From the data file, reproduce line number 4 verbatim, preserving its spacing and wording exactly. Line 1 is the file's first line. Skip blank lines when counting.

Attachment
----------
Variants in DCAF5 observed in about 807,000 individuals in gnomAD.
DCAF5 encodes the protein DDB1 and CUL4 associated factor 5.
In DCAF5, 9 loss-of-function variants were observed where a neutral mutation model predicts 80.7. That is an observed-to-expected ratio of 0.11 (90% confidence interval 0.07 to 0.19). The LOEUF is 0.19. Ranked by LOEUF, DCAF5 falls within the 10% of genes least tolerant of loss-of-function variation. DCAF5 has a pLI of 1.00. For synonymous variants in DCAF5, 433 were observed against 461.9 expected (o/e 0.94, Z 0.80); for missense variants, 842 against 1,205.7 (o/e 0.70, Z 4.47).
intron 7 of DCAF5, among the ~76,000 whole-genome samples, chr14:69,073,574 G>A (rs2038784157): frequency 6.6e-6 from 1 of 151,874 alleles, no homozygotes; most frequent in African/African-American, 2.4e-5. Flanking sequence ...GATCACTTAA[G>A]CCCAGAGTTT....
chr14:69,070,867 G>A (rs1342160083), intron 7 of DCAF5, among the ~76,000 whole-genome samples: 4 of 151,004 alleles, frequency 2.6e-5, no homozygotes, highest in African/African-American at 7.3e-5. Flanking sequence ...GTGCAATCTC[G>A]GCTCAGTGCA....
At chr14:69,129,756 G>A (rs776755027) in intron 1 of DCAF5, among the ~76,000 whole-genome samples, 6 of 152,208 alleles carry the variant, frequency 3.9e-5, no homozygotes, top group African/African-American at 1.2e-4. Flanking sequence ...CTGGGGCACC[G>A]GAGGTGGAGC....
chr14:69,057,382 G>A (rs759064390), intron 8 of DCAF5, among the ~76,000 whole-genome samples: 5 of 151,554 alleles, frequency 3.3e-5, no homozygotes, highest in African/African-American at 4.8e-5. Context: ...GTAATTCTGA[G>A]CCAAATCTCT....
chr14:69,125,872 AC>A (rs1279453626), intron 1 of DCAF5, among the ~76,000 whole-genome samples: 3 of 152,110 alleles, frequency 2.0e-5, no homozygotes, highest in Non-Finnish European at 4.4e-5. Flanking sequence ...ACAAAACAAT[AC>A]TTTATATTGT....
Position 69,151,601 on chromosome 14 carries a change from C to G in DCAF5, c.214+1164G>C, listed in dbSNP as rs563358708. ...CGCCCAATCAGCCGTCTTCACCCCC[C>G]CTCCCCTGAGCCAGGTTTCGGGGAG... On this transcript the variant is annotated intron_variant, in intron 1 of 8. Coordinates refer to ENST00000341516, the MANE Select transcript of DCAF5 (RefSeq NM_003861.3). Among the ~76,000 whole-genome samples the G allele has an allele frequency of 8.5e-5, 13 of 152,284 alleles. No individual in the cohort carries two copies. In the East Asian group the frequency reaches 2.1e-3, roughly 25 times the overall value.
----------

intron 7 of DCAF5, among the ~76,000 whole-genome samples, chr14:69,073,574 G>A (rs2038784157): frequency 6.6e-6 from 1 of 151,874 alleles, no homozygotes; most frequent in African/African-American, 2.4e-5. Flanking sequence ...GATCACTTAA[G>A]CCCAGAGTTT....